Vicious Cycle (prolonged)

People get burnt out and eventually leave. Their knowledge of how the software works goes with them, making it even harder to develop new features in a timely manner.

Admittedly, the scenario I paint above is a worst-case scenario. However in my years as a software developer, I've seen teams fall into this cycle time and time again. I've described this vicious cycle in several talks and always see knowing smiles in the audience and people nodding their heads. It's surprisingly easy to get onto this path regardless of your experience level.

So what can we do? Here are some tips for avoiding or reversing the vicious cycle.

Tip 1: Deadlines should be based on estimates from multiple people and treated as goals/forecasts rather than hard, immovable barriers.

Remember the bad habit we learned in school that deadlines are generally reasonable and non-negotiable? That's not true in software development! Very few deadlines are hard, immovable deadlines. Most are really goals to get teams focused on delivery. Dates can be aggressive, but you should not treat them as if they are sacred. The benefit of aggressive deadlines is it forces priority and requirements decisions to reduce the deliverable to the minimum viable product that solves the customer's needs. Development teams should treat software deadlines as goals/forecasts. Throughout the project there should be ongoing, open communication about how actual progress compares to the goal.

Note that software estimation is very difficult and when we're wrong, we tend to be wrong on the side of underestimation. So combat underestimation by coming up with a system for estimation that involves multiple people to reduce bias.

Tip 2: Learn how to communicate status effectively, and handle decisions around missed expectations as a team.

In the vicious cycle scenario, as the deadline approached and there was still a large amount of work to do, two key mistakes were made: Status was not reported in a useful way ("It's almost done!") and the developer unilaterally decided to work extra hours and pull all-nighters when they thought the project was behind schedule. Again, this behavior lines up well with our school experience. In school, we never had to deal with reporting status. The due date came and you handed in your assignment or took a test. Also, since most of the work was done individually, you are used to making all of your decisions by yourself, especially when it comes to pulling all-nighters.

I have a whole post I've written regarding communicating effective status, so I'll defer to that for the first problem. For the second problem, if reality is not matching expected timelines, it's critically important to have an open conversation with your team, including management as early as possible. The earlier you surface problems, the more options you have to handle them. The discussion should consist of (1) root causing why things are taking longer than expected and (2) deciding on a path forward.

When deciding a path forward, working extra hours is an option, however it should be the last option. There are other much better options to consider such as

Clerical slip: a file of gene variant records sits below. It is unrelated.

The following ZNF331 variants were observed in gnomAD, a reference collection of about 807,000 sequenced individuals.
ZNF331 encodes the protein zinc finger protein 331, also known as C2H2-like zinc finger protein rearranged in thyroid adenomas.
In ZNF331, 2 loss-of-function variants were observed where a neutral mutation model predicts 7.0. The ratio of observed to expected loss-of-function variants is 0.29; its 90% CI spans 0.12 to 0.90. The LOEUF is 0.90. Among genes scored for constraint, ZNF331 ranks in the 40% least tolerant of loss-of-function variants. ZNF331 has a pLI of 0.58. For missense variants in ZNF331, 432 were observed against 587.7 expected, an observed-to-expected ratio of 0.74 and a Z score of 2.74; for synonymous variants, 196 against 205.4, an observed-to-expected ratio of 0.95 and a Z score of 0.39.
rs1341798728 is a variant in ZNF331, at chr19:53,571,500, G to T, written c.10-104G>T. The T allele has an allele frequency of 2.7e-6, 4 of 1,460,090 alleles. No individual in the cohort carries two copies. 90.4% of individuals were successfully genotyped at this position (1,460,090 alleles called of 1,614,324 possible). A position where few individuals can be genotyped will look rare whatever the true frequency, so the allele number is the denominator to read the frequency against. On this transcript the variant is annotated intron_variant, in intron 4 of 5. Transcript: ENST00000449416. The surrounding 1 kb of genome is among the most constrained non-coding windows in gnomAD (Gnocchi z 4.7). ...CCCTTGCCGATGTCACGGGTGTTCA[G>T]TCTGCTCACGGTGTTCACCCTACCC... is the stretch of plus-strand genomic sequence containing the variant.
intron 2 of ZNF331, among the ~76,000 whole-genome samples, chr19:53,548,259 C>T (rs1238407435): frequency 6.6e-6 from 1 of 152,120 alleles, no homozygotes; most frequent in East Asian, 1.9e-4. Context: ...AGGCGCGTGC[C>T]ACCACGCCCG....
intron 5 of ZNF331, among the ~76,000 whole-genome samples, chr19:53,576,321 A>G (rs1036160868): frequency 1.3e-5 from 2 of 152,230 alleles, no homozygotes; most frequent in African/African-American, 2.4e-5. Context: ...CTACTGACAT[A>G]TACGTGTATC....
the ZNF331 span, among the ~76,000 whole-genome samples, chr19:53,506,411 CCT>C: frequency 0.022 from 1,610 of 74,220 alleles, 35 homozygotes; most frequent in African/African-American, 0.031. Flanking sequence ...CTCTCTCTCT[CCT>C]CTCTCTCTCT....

1. Resetting expectations - management may be fine with it being later than planned.
  2. Challenging requirements/scope of a feature - sometimes there's a smarter/smaller/easier way to get the customer what they really need.
  3. Drop lower priority features

You should work to build a team culture where there is open communication and handle decisions around missed expectations together as a team. When adopting this model, newer developers are frequently surprised by how often management is ok with dropping features or punting things forward to future iterations. Without that conversation, you might have worked yourself to exhaustion trying to deliver something that didn't actually matter that much to the business.

Tip 3: Treat quality as an inseparable part of a feature that cannot be deprioritized.

If you or team members are ever considering deprioritizing quality, ask yourself this question: Which would you rather choose: (1) A known, fixed upfront cost, or (2) an unknown, variable cost that can come up anytime, while you're trying to deliver other features? I hope you picked option 1. Option 1 is prioritizing quality up front. Deprioritizing quality leads you right into the operational pain stage of the vicious cycle, which causes future software to be late.

For me, the phrase "deprioritizing quality" doesn't even make sense. Prioritization happens at the feature level and quality is a non-severable part of a feature that cannot be deprioritized. When I discuss priorities with management, I always list things out at the feature level. That way there isn't even a discussion about deprioritizing quality. Although to their credit, I find most managers understand this and it is more common for developers to deprioritize quality and cut corners when trying to deliver faster. Don't fall into that temptation! As a developer, you own delivering quality software. Put in the work now to invest in quality. It will pay itself back many times over in the long term.

Tip 4: Always strive to build a team culture of trust and open communication.